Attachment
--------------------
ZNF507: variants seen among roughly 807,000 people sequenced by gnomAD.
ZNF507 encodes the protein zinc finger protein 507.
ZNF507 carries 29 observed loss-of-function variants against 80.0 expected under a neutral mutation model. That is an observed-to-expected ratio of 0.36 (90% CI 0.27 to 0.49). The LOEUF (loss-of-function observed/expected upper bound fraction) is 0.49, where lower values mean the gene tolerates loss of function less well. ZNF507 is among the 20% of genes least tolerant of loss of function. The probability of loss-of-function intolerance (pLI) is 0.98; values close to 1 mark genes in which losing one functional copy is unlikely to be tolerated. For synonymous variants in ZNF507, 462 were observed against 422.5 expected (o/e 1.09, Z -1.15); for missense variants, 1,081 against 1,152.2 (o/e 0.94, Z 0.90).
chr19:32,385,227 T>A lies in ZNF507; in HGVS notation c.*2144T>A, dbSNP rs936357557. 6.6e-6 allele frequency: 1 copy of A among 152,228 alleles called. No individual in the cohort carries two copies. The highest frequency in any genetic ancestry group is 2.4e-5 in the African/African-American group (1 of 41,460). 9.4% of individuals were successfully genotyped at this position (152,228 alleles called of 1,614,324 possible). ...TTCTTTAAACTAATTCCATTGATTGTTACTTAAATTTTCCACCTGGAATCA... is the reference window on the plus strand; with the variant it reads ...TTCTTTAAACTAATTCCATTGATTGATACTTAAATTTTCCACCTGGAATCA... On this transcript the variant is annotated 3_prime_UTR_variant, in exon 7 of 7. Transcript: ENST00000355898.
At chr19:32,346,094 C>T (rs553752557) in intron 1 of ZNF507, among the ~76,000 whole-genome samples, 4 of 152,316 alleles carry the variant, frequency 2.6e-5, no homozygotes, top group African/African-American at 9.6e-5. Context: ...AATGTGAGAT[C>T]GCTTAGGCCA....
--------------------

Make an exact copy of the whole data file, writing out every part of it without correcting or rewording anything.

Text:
ZNF507: variants seen among roughly 807,000 people sequenced by gnomAD.
ZNF507 encodes the protein zinc finger protein 507.
ZNF507 carries 29 observed loss-of-function variants against 80.0 expected under a neutral mutation model. That is an observed-to-expected ratio of 0.36 (90% CI 0.27 to 0.49). The LOEUF (loss-of-function observed/expected upper bound fraction) is 0.49, where lower values mean the gene tolerates loss of function less well. ZNF507 is among the 20% of genes least tolerant of loss of function. The probability of loss-of-function intolerance (pLI) is 0.98; values close to 1 mark genes in which losing one functional copy is unlikely to be tolerated. For synonymous variants in ZNF507, 462 were observed against 422.5 expected (o/e 1.09, Z -1.15); for missense variants, 1,081 against 1,152.2 (o/e 0.94, Z 0.90).
chr19:32,385,227 T>A lies in ZNF507; in HGVS notation c.*2144T>A, dbSNP rs936357557. 6.6e-6 allele frequency: 1 copy of A among 152,228 alleles called. No individual in the cohort carries two copies. The highest frequency in any genetic ancestry group is 2.4e-5 in the African/African-American group (1 of 41,460). 9.4% of individuals were successfully genotyped at this position (152,228 alleles called of 1,614,324 possible). ...TTCTTTAAACTAATTCCATTGATTGTTACTTAAATTTTCCACCTGGAATCA... is the reference window on the plus strand; with the variant it reads ...TTCTTTAAACTAATTCCATTGATTGATACTTAAATTTTCCACCTGGAATCA... On this transcript the variant is annotated 3_prime_UTR_variant, in exon 7 of 7. Transcript: ENST00000355898.
At chr19:32,346,094 C>T (rs553752557) in intron 1 of ZNF507, among the ~76,000 whole-genome samples, 4 of 152,316 alleles carry the variant, frequency 2.6e-5, no homozygotes, top group African/African-American at 9.6e-5. Context: ...AATGTGAGAT[C>T]GCTTAGGCCA....